As I whimsically experimented in designing a new logo, the hourglass (an overlay of the letters X,Y,Z) struck me.
Time is precious. Time marches onwards. The end is inevitable.
An awareness of death, for me, is a viscerally clarifying function.
Strip away the distracting noise of the present and make clear what matters in light of eternity.
Years later I stumbled upon the concept of memento mori, and realized I had been led to a logo both visually striking and symbolically complete.
The ADRW Hourglass // memento mori
A memento mori (Latin 'remember that you [have to] die') is an artistic or symbolic reminder of the inevitability of death. The expression 'memento mori' developed with the growth of Christianity, which emphasized Heaven, Hell, and salvation of the soul in the afterlife.
In other words, "remember death" or "remember that you will die".
The 2nd-century Christian writer Tertullian claimed that during his triumphal procession, a victorious general would have someone (in later versions, a slave) standing behind him, holding a crown over his head and whispering "Respice post te. Hominem te memento" ("Look after you [to the time after your death] and remember you're [only] a man.").
All memento mori works are products of Christian art. In the Christian context, the memento mori acquires a moralizing purpose quite opposed to the nunc est bibendum (now is the time to drink) theme of classical antiquity. To the Christian, the prospect of death serves to emphasize the emptiness and fleetingness of earthly pleasures, luxuries, and achievements, and thus also as an invitation to focus one's thoughts on the prospect of the afterlife. A Biblical injunction often associated with the memento mori in this context is In omnibus operibus tuis memorare novissima tua, et in aeternum non peccabis (the Vulgate's Latin rendering of Ecclesiasticus 7:40, "in all thy works be mindful of thy last end and thou wilt never sin.")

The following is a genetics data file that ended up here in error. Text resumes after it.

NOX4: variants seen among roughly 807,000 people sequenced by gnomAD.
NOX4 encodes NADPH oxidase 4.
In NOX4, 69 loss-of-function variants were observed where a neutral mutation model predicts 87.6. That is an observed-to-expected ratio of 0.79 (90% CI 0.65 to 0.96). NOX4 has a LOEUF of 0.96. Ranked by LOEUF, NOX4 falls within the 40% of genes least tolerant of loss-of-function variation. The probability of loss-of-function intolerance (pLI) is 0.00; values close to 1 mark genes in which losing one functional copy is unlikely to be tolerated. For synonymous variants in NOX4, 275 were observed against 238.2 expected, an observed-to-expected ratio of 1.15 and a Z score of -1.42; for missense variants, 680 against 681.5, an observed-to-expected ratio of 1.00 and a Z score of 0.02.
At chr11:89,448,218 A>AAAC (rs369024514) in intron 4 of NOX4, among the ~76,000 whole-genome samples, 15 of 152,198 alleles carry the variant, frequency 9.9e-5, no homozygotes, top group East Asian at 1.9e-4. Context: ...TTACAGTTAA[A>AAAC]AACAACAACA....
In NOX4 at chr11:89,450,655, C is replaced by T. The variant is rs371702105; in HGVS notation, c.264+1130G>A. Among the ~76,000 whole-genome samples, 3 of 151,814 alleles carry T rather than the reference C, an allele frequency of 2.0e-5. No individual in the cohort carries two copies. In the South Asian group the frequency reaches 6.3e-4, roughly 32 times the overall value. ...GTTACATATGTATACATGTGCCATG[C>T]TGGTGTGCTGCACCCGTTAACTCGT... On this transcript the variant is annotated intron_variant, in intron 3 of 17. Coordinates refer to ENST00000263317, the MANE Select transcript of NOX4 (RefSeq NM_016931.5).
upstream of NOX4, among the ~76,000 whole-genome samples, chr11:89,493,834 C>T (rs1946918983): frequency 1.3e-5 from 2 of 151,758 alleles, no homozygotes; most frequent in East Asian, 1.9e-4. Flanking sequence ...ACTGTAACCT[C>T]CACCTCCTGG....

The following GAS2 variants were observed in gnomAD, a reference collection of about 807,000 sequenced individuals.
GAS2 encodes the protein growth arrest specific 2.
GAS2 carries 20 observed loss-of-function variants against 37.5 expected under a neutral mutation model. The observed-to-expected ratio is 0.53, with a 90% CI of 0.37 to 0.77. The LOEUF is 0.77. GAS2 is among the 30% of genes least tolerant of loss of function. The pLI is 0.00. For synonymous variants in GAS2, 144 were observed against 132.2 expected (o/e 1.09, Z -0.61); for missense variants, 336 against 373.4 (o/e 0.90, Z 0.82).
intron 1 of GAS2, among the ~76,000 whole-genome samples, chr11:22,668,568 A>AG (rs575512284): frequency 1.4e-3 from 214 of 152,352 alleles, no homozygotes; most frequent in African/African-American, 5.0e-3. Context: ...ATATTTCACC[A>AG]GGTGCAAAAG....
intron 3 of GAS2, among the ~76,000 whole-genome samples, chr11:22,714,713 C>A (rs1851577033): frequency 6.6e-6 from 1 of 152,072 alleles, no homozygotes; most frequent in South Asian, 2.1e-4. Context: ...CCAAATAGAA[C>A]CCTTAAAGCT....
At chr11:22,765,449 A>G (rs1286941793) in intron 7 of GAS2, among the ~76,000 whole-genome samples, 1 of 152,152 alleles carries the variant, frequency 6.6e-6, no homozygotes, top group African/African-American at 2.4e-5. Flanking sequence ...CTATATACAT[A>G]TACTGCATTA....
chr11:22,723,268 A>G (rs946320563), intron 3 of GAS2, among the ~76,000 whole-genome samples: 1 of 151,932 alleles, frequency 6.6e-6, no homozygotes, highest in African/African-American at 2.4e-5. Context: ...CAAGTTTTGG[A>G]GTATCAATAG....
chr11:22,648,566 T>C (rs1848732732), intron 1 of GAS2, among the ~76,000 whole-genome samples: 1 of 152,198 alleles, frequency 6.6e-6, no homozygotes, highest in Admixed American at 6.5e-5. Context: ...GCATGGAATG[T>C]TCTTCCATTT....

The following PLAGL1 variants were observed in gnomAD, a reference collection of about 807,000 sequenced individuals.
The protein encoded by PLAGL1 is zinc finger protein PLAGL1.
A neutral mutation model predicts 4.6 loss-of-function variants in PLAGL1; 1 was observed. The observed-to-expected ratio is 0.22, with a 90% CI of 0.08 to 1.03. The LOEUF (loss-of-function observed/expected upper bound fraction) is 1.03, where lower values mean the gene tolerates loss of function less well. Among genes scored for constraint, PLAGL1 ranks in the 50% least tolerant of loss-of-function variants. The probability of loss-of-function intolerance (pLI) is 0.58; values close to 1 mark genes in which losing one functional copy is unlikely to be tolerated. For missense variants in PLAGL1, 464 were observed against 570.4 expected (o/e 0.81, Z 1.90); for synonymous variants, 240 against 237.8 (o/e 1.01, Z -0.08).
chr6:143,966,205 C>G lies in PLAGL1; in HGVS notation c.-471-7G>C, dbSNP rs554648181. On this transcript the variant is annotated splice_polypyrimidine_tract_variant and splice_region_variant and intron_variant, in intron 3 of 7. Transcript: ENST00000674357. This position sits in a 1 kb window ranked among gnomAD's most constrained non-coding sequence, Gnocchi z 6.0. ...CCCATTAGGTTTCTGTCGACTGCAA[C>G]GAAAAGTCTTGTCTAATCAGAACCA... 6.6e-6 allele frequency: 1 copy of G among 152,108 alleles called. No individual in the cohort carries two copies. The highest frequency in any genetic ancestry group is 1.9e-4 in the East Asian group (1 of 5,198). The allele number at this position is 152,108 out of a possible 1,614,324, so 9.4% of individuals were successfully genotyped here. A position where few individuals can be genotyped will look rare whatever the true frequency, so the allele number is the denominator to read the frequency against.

Timepieces were formerly an apt reminder that your time on Earth grows shorter with each passing minute. Public clocks would be decorated with mottos such as ultima forsan ("perhaps the last" [hour]) or vulnerant omnes, ultima necat ("they all wound, and the last kills"). Even today, clocks often carry the motto tempus fugit, "time flees". Old striking clocks often sported automata who would appear and strike the hour; some of the celebrated automaton clocks from Augsburg, Germany had Death striking the hour. The several computerized "death clocks" revive this old idea. Private people carried smaller reminders of their own mortality. Mary, Queen of Scots owned a large watch carved in the form of a silver skull, embellished with the lines of Horace, "Pale death knocks with the same tempo upon the huts of the poor and the towers of Kings."
1Vita brevis breviter in brevi finietur,2Mors venit velociter quae neminem veretur,3Omnia mors perimit et nulli miseretur.4Ad mortem festinamus peccare desistamus.56 Life is short, and shortly it will end;7 Death comes quickly and respects no one,8 Death destroys everything and takes pity on no one.9 To death we are hastening, let us refrain from sinning.1011Ni conversus fueris et sicut puer factus12Et vitam mutaveris in meliores actus,13Intrare non poteris regnum Dei beatus.14Ad mortem festinamus peccare desistamus.1516 If you do not turn back and become like a child,17 And change your life for the better,18 You will not be able to enter, blessed, the Kingdom of God.19 To death we are hastening, let us refrain from sinning.